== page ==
Resilience goal: Everyone speaks same language

Fort Polk Guardian
Friday, August 23, 2013 - 6:04pm

When Soldiers go to war, they face issues that most of those who've never been in battle can't understand: Harsh living conditions; an enemy bent on killing you; potential deadly booby traps around every corner or even out in the open; wounds - both physical and psychological - that leave a person traumatized, often for life.

Once the tour is over, the Soldier returns home, often to a Family that has no real idea what their hero has been through and must live with. Helping Soldiers and Family members move ahead with their lives without succumbing to battle scars is the goal of the Army's Comprehensive Soldier and Family Fitness program (CSF2).

The CSF2 program's mission is to improve the physical and psychological health of Soldiers, Families and Department of the Army civilians, and
enhance their performance by providing self-assessment and training capabilities, with resilience a key building block.

The Army defines resilience as the mental, physical, emotional and behavioral ability to face and cope with adversity, adapt to change, recover, learn and grow from setbacks. According to the Army resiliency training web site, a resilient individual is better able to leverage intellectual and emotional skills and behaviors that promote enhanced performance. Resilience and enhanced performance are closely related, and research indicates that individuals who demonstrate strong characteristics in one area are usually strong in the second area, too.

On Fort Polk, resilience training is in full swing encompassing Soldiers, spouses and teens. Elizabeth Riddle, whose spouse, Sgt. Robert Riddle, a resilience training assistant with the 162nd Infantry Brigade, attended a spouse resilience training session Aug. 1 at Maple Terrace Neighborhood Center.

"He (Robert) was always telling me about the good things they do in resilience training," Elizabeth said. "I'm a stay-at-home mom, and so far, that's not really been my cup of tea. I'm hoping to get involved as a civilian resilience training assistant to help with my stress management and assist other spouses."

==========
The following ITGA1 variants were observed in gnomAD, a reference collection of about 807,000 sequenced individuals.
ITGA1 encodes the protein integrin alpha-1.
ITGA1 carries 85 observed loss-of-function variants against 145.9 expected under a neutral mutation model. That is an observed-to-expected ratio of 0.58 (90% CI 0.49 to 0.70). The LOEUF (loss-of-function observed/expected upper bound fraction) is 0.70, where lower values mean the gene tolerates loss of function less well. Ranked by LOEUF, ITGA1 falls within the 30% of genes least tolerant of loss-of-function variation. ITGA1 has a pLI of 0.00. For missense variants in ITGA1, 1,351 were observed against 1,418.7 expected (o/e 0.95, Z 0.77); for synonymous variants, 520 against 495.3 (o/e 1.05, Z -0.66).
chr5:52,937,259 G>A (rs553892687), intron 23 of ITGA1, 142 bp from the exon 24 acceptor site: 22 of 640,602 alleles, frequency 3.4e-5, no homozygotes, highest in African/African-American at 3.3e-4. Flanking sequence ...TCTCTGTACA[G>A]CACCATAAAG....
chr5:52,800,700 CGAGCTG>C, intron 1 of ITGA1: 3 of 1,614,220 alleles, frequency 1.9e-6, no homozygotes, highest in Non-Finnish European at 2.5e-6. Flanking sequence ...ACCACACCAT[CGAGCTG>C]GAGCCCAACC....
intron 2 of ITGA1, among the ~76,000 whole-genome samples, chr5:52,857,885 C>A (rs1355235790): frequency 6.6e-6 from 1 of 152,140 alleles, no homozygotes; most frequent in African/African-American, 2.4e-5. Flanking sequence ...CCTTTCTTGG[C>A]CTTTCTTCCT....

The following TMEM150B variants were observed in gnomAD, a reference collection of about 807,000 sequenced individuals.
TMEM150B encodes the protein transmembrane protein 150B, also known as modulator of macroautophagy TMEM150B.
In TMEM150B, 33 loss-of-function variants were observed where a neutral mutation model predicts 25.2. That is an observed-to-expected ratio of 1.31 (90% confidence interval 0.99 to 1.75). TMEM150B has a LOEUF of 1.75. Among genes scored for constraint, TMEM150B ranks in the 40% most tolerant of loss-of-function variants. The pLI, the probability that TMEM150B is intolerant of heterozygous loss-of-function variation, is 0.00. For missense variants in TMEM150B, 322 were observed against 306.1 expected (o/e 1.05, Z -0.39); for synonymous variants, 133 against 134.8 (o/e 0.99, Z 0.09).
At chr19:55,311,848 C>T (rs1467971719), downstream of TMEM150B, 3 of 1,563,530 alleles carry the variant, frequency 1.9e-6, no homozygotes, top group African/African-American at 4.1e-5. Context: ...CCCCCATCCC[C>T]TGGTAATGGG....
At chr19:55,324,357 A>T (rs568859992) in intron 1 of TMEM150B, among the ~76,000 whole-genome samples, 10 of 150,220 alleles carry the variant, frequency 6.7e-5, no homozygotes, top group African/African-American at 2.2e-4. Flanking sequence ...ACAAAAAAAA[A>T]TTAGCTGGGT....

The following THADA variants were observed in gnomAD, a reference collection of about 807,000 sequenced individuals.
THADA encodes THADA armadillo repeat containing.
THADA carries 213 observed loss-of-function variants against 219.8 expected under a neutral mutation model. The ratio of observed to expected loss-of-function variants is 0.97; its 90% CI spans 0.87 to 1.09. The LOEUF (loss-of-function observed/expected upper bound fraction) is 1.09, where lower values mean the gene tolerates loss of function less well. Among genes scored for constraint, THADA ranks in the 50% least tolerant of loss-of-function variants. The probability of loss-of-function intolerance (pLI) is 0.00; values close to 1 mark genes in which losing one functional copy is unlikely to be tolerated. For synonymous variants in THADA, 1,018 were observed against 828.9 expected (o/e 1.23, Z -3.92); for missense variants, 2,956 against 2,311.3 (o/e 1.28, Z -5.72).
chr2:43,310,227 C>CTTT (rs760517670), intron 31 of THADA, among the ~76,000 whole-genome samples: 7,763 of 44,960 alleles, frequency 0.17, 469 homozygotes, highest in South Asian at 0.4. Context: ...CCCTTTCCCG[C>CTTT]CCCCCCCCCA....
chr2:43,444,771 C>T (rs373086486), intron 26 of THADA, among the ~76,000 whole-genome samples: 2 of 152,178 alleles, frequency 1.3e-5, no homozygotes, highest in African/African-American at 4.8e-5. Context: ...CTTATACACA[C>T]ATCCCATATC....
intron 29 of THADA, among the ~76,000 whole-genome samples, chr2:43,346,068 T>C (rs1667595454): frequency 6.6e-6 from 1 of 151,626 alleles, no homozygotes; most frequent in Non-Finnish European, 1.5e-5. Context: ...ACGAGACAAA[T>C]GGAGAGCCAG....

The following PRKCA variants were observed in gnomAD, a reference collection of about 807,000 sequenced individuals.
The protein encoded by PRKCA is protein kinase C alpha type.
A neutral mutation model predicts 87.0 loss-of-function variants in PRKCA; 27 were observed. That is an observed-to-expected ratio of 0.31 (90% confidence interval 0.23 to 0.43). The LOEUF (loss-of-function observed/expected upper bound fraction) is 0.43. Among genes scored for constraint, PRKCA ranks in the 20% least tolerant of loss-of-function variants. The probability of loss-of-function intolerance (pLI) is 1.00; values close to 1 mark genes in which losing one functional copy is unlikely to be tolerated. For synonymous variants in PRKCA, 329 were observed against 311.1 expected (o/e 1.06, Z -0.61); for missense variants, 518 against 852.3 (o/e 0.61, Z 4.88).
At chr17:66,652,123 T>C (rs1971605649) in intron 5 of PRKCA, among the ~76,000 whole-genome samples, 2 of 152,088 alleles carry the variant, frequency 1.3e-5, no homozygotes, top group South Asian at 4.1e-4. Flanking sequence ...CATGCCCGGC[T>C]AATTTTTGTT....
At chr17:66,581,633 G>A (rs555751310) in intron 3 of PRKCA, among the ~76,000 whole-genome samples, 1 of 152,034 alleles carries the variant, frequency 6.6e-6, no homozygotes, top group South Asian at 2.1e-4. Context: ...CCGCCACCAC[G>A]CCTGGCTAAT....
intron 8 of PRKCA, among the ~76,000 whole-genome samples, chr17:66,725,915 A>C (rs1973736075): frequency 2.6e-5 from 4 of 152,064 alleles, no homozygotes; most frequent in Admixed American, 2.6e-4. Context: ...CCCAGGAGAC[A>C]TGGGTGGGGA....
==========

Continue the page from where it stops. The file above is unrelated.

Robert Riddle said he was originally "ordered" to be an RST.

"I had not bought into the program before I went through the trainers course," he said. "Now I'm sold. It's really helped me to live a happier life."

Riddle said there is some resistance to the resilience training by Soldiers in his unit.

"A lot of them see it as just another piece of quarterly training," he said. "But those who give it a chance and buy in, I can see a change in their lives. As a trainer, that's what you hope for."

During the Aug. 1 training, those in attendance, which included couples, kids and spouses, learned how to communicate more effectively, then worked through scenarios that helped both partners understand what their mate was attempting to get across.

Sgt. 1st Class Anthony Alvarez is one of Fort Polk's master resiliency trainers - those who have had advance classes in resiliency training and facilitate classes. They are assisted by RTAs. Alvarez said when the CSF2 program began in 2009, the Army turned its attention away from teaching only Soldiers and added spouses and other Family members to the mix.

"Big Army recognized there was a lack of coping is just as beneficial, if not more so, for the garrison environment," he said. "While Soldiers are trained to meet the stressor of war fighting, they are not trained to meet the stressors that they and their families experience at home, such as
financial and marriage issues," he added. In response, the Army is now creating a culture of resilience.

As more and more Soldiers, Family members and Army Civilians learn the skills taught by CSF2, the more the entire Army community begins speaking the same language.

Master Sgt. Michael Ernzen, a Master Resilience Trainer (MRT), said the skills he learned during this training "redefined toughness," noting that
Soldiers typically think toughness is all physical, but there's a mental component to it, as well. Master Sgt. Tim Frock, another MRT, said the
training is "completely life altering; I now look at the world in a completely different way."

Soldiers have said that after learning the skills and implementing them at work and at home, they have seen a huge difference in their interactions
with others. They better understand how to leverage their strengths and the strengths of others, problem solve and think through their emotions before reacting. As a result, they say they have stronger marriages, better relationships with their children, and better understand the issues their
fellow Soldiers are going through. What was originally developed to help the Army Family get through a time of persistent conflict has now turned into arming them with life skills to support them through Army life and beyond.

CSF2 is available to any Soldier, Family member or Army Civilian who wants it. "All you have to do is take the Global Assessment Tool (GAT) and see where you score in the five dimensions of strength, and then get training from an MRT," said Riddle. They will also be able to access advice from experts and communicate with each other on the soon-to-be launched ArmyFit" website. ArmyFit" offers the virtual community-building features of a social media platform, but is inside the secure .mil environment.

The online self-development can be accessed by all members of the Army Family by visiting the CSF2 website at

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